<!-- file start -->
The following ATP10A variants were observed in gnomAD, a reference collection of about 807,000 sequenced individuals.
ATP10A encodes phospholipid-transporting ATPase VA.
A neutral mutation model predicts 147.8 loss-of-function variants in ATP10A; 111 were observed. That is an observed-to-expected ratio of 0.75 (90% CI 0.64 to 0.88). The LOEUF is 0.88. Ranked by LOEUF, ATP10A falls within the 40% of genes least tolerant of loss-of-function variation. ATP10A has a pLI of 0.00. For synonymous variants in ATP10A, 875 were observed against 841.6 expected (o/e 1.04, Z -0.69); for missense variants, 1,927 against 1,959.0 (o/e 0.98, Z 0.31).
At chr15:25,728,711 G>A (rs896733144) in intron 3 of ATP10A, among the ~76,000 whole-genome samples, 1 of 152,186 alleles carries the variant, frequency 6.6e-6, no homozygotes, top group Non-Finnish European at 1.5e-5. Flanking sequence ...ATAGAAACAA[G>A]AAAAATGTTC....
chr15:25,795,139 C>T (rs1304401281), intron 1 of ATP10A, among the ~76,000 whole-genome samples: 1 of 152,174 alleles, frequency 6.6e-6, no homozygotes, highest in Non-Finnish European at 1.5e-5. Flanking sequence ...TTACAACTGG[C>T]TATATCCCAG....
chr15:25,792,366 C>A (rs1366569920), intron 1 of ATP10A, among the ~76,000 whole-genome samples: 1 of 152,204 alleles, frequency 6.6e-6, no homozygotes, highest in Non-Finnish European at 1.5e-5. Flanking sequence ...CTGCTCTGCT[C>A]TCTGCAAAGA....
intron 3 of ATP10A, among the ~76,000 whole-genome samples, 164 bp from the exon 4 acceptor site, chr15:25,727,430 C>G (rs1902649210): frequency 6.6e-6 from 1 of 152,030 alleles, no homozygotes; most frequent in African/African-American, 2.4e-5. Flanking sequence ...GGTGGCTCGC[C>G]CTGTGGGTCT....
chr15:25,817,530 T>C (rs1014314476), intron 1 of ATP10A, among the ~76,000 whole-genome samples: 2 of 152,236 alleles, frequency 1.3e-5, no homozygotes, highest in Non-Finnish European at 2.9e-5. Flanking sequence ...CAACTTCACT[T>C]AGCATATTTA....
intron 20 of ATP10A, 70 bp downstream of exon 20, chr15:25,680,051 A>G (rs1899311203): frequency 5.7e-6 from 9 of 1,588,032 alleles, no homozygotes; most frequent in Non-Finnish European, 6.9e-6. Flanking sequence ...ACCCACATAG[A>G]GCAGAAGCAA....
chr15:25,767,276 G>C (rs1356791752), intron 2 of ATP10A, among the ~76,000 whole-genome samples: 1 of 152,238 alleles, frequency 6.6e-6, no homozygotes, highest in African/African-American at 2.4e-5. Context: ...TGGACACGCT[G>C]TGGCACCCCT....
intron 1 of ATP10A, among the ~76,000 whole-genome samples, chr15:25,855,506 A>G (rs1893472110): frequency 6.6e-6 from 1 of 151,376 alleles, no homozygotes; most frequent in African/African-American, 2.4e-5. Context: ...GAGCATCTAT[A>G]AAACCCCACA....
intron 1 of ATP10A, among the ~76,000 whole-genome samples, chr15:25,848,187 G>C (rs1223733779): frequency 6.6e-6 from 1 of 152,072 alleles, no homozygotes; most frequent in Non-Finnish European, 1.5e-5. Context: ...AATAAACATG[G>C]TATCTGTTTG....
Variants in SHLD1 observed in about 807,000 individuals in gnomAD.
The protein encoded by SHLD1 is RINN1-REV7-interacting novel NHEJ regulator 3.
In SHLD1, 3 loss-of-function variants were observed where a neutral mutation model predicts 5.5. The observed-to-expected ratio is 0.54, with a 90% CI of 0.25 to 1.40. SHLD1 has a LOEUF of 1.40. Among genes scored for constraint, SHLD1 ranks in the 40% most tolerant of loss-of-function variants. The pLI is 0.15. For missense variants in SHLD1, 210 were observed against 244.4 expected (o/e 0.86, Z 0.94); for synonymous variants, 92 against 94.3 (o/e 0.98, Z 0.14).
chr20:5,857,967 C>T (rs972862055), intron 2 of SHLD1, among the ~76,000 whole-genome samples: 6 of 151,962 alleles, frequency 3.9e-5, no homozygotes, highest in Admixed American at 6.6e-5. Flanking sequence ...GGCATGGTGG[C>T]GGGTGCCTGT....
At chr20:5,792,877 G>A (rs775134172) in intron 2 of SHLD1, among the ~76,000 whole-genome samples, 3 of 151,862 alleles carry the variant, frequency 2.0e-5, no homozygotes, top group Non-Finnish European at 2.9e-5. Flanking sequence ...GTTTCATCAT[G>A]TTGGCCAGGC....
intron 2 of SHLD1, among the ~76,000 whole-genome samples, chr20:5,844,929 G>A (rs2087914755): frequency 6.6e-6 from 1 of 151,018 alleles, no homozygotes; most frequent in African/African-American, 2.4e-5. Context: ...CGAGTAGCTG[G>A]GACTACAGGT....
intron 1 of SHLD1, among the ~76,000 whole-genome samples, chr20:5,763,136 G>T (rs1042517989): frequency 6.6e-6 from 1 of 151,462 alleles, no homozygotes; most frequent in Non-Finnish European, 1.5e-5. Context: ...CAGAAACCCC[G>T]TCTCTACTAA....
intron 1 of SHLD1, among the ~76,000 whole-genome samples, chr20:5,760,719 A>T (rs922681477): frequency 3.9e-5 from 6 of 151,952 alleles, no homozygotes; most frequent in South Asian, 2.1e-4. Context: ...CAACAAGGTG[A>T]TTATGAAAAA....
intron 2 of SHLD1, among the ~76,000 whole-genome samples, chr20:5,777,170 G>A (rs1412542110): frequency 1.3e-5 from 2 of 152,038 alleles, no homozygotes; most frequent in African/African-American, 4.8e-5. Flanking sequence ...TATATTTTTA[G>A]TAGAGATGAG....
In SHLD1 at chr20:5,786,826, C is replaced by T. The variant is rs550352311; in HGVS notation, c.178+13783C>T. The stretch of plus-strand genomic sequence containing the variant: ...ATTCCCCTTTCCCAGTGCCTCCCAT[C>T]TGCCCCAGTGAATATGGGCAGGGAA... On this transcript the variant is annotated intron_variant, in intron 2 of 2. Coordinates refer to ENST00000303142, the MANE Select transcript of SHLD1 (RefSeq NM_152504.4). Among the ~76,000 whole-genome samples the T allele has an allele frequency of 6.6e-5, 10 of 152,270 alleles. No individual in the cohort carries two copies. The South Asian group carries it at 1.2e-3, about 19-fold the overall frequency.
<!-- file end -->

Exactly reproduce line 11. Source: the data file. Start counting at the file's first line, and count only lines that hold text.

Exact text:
intron 1 of ATP10A, among the ~76,000 whole-genome samples, chr15:25,855,506 A>G (rs1893472110): frequency 6.6e-6 from 1 of 151,376 alleles, no homozygotes; most frequent in African/African-American, 2.4e-5. Context: ...GAGCATCTAT[A>G]AAACCCCACA....